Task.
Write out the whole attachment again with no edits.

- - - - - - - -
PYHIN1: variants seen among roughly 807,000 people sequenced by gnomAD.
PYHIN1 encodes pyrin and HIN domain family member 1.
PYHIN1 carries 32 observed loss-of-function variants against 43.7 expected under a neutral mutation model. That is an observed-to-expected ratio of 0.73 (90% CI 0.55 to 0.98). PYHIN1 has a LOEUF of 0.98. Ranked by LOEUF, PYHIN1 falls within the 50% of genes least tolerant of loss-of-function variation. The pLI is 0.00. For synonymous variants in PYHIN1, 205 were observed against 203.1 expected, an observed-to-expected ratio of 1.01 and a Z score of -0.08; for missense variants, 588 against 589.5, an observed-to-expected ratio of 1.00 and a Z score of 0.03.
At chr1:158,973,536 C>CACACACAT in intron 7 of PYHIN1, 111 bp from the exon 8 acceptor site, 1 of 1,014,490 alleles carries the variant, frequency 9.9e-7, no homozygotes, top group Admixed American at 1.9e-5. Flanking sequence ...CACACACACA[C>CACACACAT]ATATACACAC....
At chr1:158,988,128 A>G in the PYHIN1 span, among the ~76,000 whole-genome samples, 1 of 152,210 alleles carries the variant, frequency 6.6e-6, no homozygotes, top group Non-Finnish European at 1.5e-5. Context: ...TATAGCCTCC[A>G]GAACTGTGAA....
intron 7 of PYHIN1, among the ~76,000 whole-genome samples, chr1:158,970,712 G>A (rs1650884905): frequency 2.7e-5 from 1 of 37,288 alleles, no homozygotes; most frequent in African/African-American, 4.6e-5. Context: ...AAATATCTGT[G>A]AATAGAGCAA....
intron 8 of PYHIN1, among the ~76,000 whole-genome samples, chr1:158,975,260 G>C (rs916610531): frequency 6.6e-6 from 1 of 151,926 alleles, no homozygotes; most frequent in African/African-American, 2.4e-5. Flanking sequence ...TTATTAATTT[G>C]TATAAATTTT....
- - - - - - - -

PYHIN1: variants seen among roughly 807,000 people sequenced by gnomAD.
PYHIN1 encodes pyrin and HIN domain family member 1.
PYHIN1 carries 32 observed loss-of-function variants against 43.7 expected under a neutral mutation model. That is an observed-to-expected ratio of 0.73 (90% CI 0.55 to 0.98). PYHIN1 has a LOEUF of 0.98. Ranked by LOEUF, PYHIN1 falls within the 50% of genes least tolerant of loss-of-function variation. The pLI is 0.00. For synonymous variants in PYHIN1, 205 were observed against 203.1 expected, an observed-to-expected ratio of 1.01 and a Z score of -0.08; for missense variants, 588 against 589.5, an observed-to-expected ratio of 1.00 and a Z score of 0.03.
At chr1:158,973,536 C>CACACACAT in intron 7 of PYHIN1, 111 bp from the exon 8 acceptor site, 1 of 1,014,490 alleles carries the variant, frequency 9.9e-7, no homozygotes, top group Admixed American at 1.9e-5. Flanking sequence ...CACACACACA[C>CACACACAT]ATATACACAC....
At chr1:158,988,128 A>G in the PYHIN1 span, among the ~76,000 whole-genome samples, 1 of 152,210 alleles carries the variant, frequency 6.6e-6, no homozygotes, top group Non-Finnish European at 1.5e-5. Context: ...TATAGCCTCC[A>G]GAACTGTGAA....
intron 7 of PYHIN1, among the ~76,000 whole-genome samples, chr1:158,970,712 G>A (rs1650884905): frequency 2.7e-5 from 1 of 37,288 alleles, no homozygotes; most frequent in African/African-American, 4.6e-5. Context: ...AAATATCTGT[G>A]AATAGAGCAA....
intron 8 of PYHIN1, among the ~76,000 whole-genome samples, chr1:158,975,260 G>C (rs916610531): frequency 6.6e-6 from 1 of 151,926 alleles, no homozygotes; most frequent in African/African-American, 2.4e-5. Flanking sequence ...TTATTAATTT[G>C]TATAAATTTT....